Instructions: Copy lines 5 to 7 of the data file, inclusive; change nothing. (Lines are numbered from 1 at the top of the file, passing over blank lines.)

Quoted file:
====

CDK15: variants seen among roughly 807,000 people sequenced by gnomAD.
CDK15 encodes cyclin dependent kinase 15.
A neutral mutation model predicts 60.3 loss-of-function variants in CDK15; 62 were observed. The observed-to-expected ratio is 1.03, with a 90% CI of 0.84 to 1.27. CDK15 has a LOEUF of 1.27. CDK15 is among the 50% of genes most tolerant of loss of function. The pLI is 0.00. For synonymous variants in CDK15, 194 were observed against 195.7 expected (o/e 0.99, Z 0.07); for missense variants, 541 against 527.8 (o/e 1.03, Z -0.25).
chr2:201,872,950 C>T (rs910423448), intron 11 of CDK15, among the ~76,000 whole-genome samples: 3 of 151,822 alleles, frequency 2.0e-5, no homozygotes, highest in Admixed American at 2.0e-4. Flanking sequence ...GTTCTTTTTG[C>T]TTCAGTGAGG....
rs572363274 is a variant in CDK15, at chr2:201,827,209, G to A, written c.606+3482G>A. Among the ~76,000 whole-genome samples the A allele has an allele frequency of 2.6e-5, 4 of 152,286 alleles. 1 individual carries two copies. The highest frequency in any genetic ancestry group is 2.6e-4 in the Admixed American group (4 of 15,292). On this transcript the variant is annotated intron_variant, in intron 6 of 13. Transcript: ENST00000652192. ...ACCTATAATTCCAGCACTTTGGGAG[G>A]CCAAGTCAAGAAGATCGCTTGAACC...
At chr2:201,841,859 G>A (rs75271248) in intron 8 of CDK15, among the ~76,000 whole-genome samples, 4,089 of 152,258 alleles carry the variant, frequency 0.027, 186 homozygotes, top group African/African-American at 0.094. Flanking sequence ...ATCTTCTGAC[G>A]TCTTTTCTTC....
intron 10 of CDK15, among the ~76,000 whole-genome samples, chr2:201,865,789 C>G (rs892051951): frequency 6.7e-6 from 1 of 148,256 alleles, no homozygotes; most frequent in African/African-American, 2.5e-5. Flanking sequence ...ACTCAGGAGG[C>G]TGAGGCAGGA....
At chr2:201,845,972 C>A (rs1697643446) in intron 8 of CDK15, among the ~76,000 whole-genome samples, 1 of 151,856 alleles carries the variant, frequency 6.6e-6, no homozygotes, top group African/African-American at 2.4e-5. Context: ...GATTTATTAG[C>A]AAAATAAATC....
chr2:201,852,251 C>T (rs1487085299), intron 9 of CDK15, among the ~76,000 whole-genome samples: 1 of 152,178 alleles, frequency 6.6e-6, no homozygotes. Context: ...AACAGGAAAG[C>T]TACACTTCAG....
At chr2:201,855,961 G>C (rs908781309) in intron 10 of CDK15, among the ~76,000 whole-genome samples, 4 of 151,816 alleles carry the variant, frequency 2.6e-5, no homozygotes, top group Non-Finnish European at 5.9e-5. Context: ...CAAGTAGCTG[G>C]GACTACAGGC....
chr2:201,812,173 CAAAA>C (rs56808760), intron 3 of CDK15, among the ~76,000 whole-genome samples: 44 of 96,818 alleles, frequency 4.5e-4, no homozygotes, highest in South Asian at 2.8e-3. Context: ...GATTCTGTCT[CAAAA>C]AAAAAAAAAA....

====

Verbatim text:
rs572363274 is a variant in CDK15, at chr2:201,827,209, G to A, written c.606+3482G>A. Among the ~76,000 whole-genome samples the A allele has an allele frequency of 2.6e-5, 4 of 152,286 alleles. 1 individual carries two copies. The highest frequency in any genetic ancestry group is 2.6e-4 in the Admixed American group (4 of 15,292). On this transcript the variant is annotated intron_variant, in intron 6 of 13. Transcript: ENST00000652192. ...ACCTATAATTCCAGCACTTTGGGAG[G>A]CCAAGTCAAGAAGATCGCTTGAACC...
At chr2:201,841,859 G>A (rs75271248) in intron 8 of CDK15, among the ~76,000 whole-genome samples, 4,089 of 152,258 alleles carry the variant, frequency 0.027, 186 homozygotes, top group African/African-American at 0.094. Flanking sequence ...ATCTTCTGAC[G>A]TCTTTTCTTC....
intron 10 of CDK15, among the ~76,000 whole-genome samples, chr2:201,865,789 C>G (rs892051951): frequency 6.7e-6 from 1 of 148,256 alleles, no homozygotes; most frequent in African/African-American, 2.5e-5. Flanking sequence ...ACTCAGGAGG[C>G]TGAGGCAGGA....